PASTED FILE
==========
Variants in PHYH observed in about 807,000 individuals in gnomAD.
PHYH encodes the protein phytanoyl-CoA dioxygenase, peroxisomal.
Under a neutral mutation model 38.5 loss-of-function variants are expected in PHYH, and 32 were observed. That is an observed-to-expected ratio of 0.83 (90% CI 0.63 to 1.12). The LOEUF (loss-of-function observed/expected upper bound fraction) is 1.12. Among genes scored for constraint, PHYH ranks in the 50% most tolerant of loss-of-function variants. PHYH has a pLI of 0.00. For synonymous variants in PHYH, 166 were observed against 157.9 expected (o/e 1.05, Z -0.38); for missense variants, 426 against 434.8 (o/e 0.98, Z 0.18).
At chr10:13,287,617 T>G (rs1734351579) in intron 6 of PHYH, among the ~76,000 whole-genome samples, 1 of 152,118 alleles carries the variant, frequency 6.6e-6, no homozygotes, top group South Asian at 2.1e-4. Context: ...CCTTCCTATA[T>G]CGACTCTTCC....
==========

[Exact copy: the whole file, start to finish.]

Variants in PHYH observed in about 807,000 individuals in gnomAD.
PHYH encodes the protein phytanoyl-CoA dioxygenase, peroxisomal.
Under a neutral mutation model 38.5 loss-of-function variants are expected in PHYH, and 32 were observed. That is an observed-to-expected ratio of 0.83 (90% CI 0.63 to 1.12). The LOEUF (loss-of-function observed/expected upper bound fraction) is 1.12. Among genes scored for constraint, PHYH ranks in the 50% most tolerant of loss-of-function variants. PHYH has a pLI of 0.00. For synonymous variants in PHYH, 166 were observed against 157.9 expected (o/e 1.05, Z -0.38); for missense variants, 426 against 434.8 (o/e 0.98, Z 0.18).
At chr10:13,287,617 T>G (rs1734351579) in intron 6 of PHYH, among the ~76,000 whole-genome samples, 1 of 152,118 alleles carries the variant, frequency 6.6e-6, no homozygotes, top group South Asian at 2.1e-4. Context: ...CCTTCCTATA[T>G]CGACTCTTCC....